Prof. Dr. Sven Apel holds the Chair of Software Engineering at the University of Passau, Germany. The chair is funded by the esteemed Emmy-Noether and Heisenberg Programs of the German Research Foundation (DFG). Prof. Apel received his Ph.D. in Computer Science in 2007 from the University of Magdeburg, Germany. His research interests include software product lines, software analysis, optimization, and evolution, as well as empirical methods and the human factor in software engineering. He is the author or co-author of over a hundred peer-reviewed scientific publications. He serves regularly in program committees of top-ranked international conferences and he is a member of the editorial boards of IEEE Transactions on Software Engineering, IEEE Software, and Empirical Software Engineering. He was/will be program-committee co-chair of the 31st International Conference on Automated Software Engineering (ASE) and the 12th Joint Meeting of the European Software Engineering Conference and the ACM SIGSOFT Symposium on the Foundations of Software Engineering (ESEC/FSE). His work has received two Best Paper Awards, one ACM SIGSOFT Distinguished Paper Award, as well as awards by the Ernst-Denert Foundation, the Karin-Witte Foundation, and the State of Saxony-Anhalt. Sven Apel is a member of the Young Academy of Europe.
Revolution vs. Evolution:
Model-Based Engineering and the Industry -
The Potential of MBE Micro Injections
By now, model-based engineering (MBE) has a long tradition in academics and research. In contrast to this long tradition, however, adoption of MBE principles in the industry still remain limited. This led to corresponding debates within the modelling community about the root causes of this limited adoption. In this talk, the speaker highlights the importance of these debates and shares his experience gained during six years of technology knowledge transfer activity from research to industrial applications. As its central hypothesis, the talk will be about so-called MBE Micro Injections, for which the speaker has observed the potential to make the adoption of MBE principles in industry more successful. Since the idea of MBE Micro Injections comprises not only technical issues but as well socio-cultural aspects, the speaker will talk about concrete observations in these directions during past and ongoing research projects.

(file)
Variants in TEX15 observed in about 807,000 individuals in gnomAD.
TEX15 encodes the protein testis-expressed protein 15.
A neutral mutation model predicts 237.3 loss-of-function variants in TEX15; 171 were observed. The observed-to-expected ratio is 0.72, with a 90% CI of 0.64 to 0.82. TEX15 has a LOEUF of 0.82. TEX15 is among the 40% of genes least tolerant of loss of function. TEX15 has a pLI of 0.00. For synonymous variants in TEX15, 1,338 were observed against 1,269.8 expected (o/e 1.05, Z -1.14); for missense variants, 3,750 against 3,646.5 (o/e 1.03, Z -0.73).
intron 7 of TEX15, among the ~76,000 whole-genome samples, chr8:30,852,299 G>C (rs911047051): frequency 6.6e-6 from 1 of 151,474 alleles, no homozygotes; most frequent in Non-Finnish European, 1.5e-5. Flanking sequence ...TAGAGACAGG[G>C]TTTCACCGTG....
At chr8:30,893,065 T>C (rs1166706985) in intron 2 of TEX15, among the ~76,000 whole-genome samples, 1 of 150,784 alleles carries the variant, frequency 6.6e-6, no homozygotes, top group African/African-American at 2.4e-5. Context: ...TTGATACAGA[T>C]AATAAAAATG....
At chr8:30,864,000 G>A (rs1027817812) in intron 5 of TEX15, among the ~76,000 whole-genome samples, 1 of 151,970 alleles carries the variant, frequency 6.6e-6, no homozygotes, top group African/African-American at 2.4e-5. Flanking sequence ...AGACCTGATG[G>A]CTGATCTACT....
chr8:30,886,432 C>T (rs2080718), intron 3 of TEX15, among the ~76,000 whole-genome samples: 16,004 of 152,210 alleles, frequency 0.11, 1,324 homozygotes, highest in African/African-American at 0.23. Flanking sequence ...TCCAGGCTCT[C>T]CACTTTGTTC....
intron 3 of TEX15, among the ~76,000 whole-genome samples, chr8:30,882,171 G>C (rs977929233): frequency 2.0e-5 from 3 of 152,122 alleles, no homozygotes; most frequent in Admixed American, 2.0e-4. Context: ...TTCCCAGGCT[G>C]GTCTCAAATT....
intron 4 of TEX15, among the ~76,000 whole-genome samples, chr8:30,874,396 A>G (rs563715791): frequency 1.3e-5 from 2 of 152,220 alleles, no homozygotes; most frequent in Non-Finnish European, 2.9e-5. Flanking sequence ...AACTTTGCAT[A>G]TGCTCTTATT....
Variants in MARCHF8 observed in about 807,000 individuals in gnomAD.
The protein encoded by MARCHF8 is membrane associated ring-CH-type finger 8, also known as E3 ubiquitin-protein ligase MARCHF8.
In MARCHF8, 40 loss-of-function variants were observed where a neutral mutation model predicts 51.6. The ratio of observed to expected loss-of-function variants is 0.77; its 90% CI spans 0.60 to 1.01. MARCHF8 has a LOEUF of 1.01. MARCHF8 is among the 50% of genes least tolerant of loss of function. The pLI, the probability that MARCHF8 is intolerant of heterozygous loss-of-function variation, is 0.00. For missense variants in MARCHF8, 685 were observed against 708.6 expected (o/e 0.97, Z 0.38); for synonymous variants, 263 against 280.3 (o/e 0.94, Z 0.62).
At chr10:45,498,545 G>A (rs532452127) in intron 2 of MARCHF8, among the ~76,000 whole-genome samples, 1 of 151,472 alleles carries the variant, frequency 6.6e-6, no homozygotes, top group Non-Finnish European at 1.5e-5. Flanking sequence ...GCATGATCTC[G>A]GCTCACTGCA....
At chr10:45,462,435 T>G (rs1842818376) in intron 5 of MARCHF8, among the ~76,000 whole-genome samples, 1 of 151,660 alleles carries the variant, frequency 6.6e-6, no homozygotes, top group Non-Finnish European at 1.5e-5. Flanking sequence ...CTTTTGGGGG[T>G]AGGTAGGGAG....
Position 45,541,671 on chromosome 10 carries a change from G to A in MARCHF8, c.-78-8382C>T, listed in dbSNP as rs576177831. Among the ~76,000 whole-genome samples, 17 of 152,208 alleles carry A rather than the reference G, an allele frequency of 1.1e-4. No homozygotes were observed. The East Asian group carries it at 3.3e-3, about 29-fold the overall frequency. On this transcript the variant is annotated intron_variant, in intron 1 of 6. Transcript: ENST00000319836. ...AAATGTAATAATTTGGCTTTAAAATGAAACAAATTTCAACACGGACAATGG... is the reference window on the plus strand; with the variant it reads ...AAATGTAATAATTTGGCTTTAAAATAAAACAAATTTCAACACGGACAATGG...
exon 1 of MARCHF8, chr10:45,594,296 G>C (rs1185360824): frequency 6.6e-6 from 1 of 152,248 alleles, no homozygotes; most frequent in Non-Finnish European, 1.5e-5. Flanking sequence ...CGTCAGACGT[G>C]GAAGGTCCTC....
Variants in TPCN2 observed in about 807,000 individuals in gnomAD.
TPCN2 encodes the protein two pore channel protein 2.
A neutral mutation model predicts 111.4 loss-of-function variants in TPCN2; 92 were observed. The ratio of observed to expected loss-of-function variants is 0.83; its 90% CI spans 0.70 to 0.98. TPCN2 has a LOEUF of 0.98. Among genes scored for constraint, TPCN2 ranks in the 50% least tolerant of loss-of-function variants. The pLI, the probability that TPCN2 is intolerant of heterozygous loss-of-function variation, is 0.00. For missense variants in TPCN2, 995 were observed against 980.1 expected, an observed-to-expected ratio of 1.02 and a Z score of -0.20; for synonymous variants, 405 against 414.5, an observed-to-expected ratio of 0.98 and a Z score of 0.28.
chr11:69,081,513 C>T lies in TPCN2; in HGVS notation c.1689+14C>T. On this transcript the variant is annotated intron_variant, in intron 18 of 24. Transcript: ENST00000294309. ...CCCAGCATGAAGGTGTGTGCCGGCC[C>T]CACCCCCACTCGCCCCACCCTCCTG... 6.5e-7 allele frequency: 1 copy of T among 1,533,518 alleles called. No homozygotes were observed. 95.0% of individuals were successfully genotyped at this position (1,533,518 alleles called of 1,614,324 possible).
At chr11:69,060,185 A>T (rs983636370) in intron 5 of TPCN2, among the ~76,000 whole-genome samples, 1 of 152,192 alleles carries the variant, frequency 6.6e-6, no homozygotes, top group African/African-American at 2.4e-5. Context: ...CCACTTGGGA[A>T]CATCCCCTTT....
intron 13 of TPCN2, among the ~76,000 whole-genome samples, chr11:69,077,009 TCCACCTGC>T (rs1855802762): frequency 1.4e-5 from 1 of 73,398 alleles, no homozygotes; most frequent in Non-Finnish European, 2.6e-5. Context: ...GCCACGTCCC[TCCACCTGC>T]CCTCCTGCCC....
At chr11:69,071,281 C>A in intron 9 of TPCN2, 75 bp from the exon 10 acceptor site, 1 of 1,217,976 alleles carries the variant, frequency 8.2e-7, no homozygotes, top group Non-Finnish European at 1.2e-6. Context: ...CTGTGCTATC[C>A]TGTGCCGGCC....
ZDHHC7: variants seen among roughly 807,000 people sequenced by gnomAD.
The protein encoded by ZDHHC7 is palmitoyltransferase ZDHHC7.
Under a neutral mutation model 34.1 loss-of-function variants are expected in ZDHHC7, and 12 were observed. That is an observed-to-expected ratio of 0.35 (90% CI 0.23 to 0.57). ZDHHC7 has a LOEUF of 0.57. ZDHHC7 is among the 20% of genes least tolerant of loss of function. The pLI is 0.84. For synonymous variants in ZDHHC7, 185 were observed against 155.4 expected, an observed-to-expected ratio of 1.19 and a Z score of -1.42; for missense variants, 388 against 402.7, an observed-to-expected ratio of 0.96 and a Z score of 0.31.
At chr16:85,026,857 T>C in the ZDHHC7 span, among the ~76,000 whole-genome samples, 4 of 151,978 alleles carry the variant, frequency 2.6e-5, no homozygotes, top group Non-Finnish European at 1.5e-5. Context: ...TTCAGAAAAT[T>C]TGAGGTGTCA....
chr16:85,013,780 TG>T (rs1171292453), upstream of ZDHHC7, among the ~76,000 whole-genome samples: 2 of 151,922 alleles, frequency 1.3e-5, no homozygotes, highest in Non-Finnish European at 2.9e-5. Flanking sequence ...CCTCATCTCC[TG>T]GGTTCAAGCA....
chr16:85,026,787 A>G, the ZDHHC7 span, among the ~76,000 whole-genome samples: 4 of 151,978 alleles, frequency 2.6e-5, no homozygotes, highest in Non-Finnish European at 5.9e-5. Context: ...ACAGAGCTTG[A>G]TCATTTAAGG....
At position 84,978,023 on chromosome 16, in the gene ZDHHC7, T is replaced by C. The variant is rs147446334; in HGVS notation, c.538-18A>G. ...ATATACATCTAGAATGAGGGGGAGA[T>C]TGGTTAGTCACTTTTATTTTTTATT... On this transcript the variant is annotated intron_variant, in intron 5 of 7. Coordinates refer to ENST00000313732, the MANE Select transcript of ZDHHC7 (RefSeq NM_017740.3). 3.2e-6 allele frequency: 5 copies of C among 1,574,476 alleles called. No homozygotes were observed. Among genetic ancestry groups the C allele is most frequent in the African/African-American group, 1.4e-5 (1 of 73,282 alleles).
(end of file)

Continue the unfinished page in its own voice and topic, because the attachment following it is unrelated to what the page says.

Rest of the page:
Dr. Gerald Stieglbauer, (male) is AVL’s expert on model-based approaches such as modeling languages and modeling language design (with special focus on DSLs), model transformation, and system engineering. He studied Applied Computer Science at the University of Salzburg, graduated 2003 and received his PhD in 2007. He was awarded with the BMW Scientific Award (diploma thesis) and the Award of Excellence of the Austrian Government (PhD thesis). The focus of both theses was in the area of model-based development and simulation of safety-critical software for embedded systems. In 2007, he joined the AVL to become responsible for the development of a model transformation engine for a testbed configuration system. In 2011, he joined the Research & Technology department for Instrumentation and Test Systems at AVL’s headquarter in Graz. Since then, he is technology scout for model-based engineering (MBE) in support of knowledge transfer from science to AVL and vice versa. In this context, his focus of interest goes beyond the technological aspects of MBE and includes especially observations about socio-cultural aspects of successful strategies aiming at a sustainable introduction of innovations in industry.
Algorithm Accountability, Algorithm Literacy and the hidden assumptions from algorithms
Our societies are facing problems that are more and more complex so that decision making is often helped or even delegated to algorithms. Algorithmic decision making (ADM) processes are complex socio-technical systems which interacts with society on a large scale. Credit scoring, automatic job candidate selection, predictive policing, or recidivism risk assessment are examples, among others, of already used ADM systems. In this talk, I will start with an overview of what is so far understood as Algorithm Accountability and Algorithm Literacy. I will then focus on algorithms that carry with them modeling assumptions (e.g., machine learning, data-mining algorithms...) and show what effects this have on the interpretation of the algorithms results and how we could, from a software engineering point of view, bring more explainability.
Dr.-Ing. Julien Siebert holds a master degree in Engineerring and a master degree in Artificial Intelligence. He holds a PhD in computer science, from INRIA - Université de Lorraine (Nancy, FR), on the topic of meta-modeling for distributed simulations of complex systems (http://www.mecsyco.com/). He later spent 2 years of postdocs in the Theoretical Physics Institute from the TU Berlin (SFB 910) working on numerical simulations of non-linear dynamics of complex systems (wave propagation, patterns formation and coupled oscillators). Before joining the Algorithm Accountability Lab, in the TU Kaiserslautern, he spent several years at Zalando in Berlin as software engineer and datascientist.